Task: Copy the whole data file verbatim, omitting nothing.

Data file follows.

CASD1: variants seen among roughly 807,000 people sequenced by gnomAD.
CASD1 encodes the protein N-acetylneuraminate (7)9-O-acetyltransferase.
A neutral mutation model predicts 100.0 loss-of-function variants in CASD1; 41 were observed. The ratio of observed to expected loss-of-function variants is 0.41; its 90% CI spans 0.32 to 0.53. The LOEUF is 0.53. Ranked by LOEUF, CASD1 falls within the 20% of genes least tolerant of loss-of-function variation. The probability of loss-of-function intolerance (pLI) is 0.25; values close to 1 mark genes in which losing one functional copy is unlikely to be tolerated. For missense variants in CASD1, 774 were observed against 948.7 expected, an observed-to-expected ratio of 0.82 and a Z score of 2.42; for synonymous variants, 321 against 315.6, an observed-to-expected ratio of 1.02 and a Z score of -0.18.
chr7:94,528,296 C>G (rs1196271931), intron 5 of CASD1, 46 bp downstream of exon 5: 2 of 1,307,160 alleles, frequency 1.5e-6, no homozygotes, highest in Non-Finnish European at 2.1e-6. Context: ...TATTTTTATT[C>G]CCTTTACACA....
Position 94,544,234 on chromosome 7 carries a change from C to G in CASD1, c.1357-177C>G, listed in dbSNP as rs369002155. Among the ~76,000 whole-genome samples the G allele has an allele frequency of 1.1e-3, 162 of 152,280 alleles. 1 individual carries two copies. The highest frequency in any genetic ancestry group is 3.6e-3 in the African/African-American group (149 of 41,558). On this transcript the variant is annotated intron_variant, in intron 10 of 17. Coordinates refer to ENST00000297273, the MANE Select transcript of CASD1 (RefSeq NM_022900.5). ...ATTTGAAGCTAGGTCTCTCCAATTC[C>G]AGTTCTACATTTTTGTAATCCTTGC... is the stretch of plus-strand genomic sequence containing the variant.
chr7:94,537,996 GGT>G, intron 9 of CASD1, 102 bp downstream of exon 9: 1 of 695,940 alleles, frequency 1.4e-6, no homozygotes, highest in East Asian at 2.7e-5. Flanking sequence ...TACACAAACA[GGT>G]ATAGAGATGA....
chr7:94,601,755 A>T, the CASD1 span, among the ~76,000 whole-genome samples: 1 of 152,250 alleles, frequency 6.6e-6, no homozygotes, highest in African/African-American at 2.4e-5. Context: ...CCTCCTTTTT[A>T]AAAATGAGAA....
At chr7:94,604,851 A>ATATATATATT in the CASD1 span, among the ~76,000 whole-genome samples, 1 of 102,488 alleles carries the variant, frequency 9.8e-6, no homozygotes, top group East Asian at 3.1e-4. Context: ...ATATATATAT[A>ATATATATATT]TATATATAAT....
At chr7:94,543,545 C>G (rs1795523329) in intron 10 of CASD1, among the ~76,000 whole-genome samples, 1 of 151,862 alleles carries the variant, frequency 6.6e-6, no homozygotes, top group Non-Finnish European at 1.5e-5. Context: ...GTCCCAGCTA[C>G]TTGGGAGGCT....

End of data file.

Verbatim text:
CASD1: variants seen among roughly 807,000 people sequenced by gnomAD.
CASD1 encodes the protein N-acetylneuraminate (7)9-O-acetyltransferase.
A neutral mutation model predicts 100.0 loss-of-function variants in CASD1; 41 were observed. The ratio of observed to expected loss-of-function variants is 0.41; its 90% CI spans 0.32 to 0.53. The LOEUF is 0.53. Ranked by LOEUF, CASD1 falls within the 20% of genes least tolerant of loss-of-function variation. The probability of loss-of-function intolerance (pLI) is 0.25; values close to 1 mark genes in which losing one functional copy is unlikely to be tolerated. For missense variants in CASD1, 774 were observed against 948.7 expected, an observed-to-expected ratio of 0.82 and a Z score of 2.42; for synonymous variants, 321 against 315.6, an observed-to-expected ratio of 1.02 and a Z score of -0.18.
chr7:94,528,296 C>G (rs1196271931), intron 5 of CASD1, 46 bp downstream of exon 5: 2 of 1,307,160 alleles, frequency 1.5e-6, no homozygotes, highest in Non-Finnish European at 2.1e-6. Context: ...TATTTTTATT[C>G]CCTTTACACA....
Position 94,544,234 on chromosome 7 carries a change from C to G in CASD1, c.1357-177C>G, listed in dbSNP as rs369002155. Among the ~76,000 whole-genome samples the G allele has an allele frequency of 1.1e-3, 162 of 152,280 alleles. 1 individual carries two copies. The highest frequency in any genetic ancestry group is 3.6e-3 in the African/African-American group (149 of 41,558). On this transcript the variant is annotated intron_variant, in intron 10 of 17. Coordinates refer to ENST00000297273, the MANE Select transcript of CASD1 (RefSeq NM_022900.5). ...ATTTGAAGCTAGGTCTCTCCAATTC[C>G]AGTTCTACATTTTTGTAATCCTTGC... is the stretch of plus-strand genomic sequence containing the variant.
chr7:94,537,996 GGT>G, intron 9 of CASD1, 102 bp downstream of exon 9: 1 of 695,940 alleles, frequency 1.4e-6, no homozygotes, highest in East Asian at 2.7e-5. Flanking sequence ...TACACAAACA[GGT>G]ATAGAGATGA....
chr7:94,601,755 A>T, the CASD1 span, among the ~76,000 whole-genome samples: 1 of 152,250 alleles, frequency 6.6e-6, no homozygotes, highest in African/African-American at 2.4e-5. Context: ...CCTCCTTTTT[A>T]AAAATGAGAA....
At chr7:94,604,851 A>ATATATATATT in the CASD1 span, among the ~76,000 whole-genome samples, 1 of 102,488 alleles carries the variant, frequency 9.8e-6, no homozygotes, top group East Asian at 3.1e-4. Context: ...ATATATATAT[A>ATATATATATT]TATATATAAT....
At chr7:94,543,545 C>G (rs1795523329) in intron 10 of CASD1, among the ~76,000 whole-genome samples, 1 of 151,862 alleles carries the variant, frequency 6.6e-6, no homozygotes, top group Non-Finnish European at 1.5e-5. Context: ...GTCCCAGCTA[C>G]TTGGGAGGCT....